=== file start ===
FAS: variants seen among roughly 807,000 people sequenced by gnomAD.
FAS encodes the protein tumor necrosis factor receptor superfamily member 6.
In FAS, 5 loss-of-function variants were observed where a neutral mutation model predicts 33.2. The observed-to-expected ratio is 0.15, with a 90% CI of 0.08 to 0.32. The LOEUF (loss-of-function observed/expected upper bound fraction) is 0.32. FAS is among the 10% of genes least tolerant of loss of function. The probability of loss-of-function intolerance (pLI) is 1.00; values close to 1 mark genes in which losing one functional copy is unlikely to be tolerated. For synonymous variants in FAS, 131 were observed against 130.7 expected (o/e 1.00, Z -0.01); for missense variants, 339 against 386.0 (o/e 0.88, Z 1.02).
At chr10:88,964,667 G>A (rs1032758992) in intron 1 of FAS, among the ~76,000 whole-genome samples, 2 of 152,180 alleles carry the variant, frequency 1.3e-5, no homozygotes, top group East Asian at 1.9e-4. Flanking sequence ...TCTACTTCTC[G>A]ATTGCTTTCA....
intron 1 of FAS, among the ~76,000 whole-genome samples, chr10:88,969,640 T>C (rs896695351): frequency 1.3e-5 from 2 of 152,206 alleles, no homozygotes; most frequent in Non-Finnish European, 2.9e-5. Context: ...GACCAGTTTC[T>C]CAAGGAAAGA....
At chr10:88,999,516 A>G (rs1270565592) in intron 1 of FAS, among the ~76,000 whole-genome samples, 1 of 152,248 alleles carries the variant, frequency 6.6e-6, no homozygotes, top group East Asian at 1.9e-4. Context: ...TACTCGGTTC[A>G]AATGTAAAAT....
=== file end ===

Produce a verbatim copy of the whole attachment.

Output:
FAS: variants seen among roughly 807,000 people sequenced by gnomAD.
FAS encodes the protein tumor necrosis factor receptor superfamily member 6.
In FAS, 5 loss-of-function variants were observed where a neutral mutation model predicts 33.2. The observed-to-expected ratio is 0.15, with a 90% CI of 0.08 to 0.32. The LOEUF (loss-of-function observed/expected upper bound fraction) is 0.32. FAS is among the 10% of genes least tolerant of loss of function. The probability of loss-of-function intolerance (pLI) is 1.00; values close to 1 mark genes in which losing one functional copy is unlikely to be tolerated. For synonymous variants in FAS, 131 were observed against 130.7 expected (o/e 1.00, Z -0.01); for missense variants, 339 against 386.0 (o/e 0.88, Z 1.02).
At chr10:88,964,667 G>A (rs1032758992) in intron 1 of FAS, among the ~76,000 whole-genome samples, 2 of 152,180 alleles carry the variant, frequency 1.3e-5, no homozygotes, top group East Asian at 1.9e-4. Flanking sequence ...TCTACTTCTC[G>A]ATTGCTTTCA....
intron 1 of FAS, among the ~76,000 whole-genome samples, chr10:88,969,640 T>C (rs896695351): frequency 1.3e-5 from 2 of 152,206 alleles, no homozygotes; most frequent in Non-Finnish European, 2.9e-5. Context: ...GACCAGTTTC[T>C]CAAGGAAAGA....
At chr10:88,999,516 A>G (rs1270565592) in intron 1 of FAS, among the ~76,000 whole-genome samples, 1 of 152,248 alleles carries the variant, frequency 6.6e-6, no homozygotes, top group East Asian at 1.9e-4. Context: ...TACTCGGTTC[A>G]AATGTAAAAT....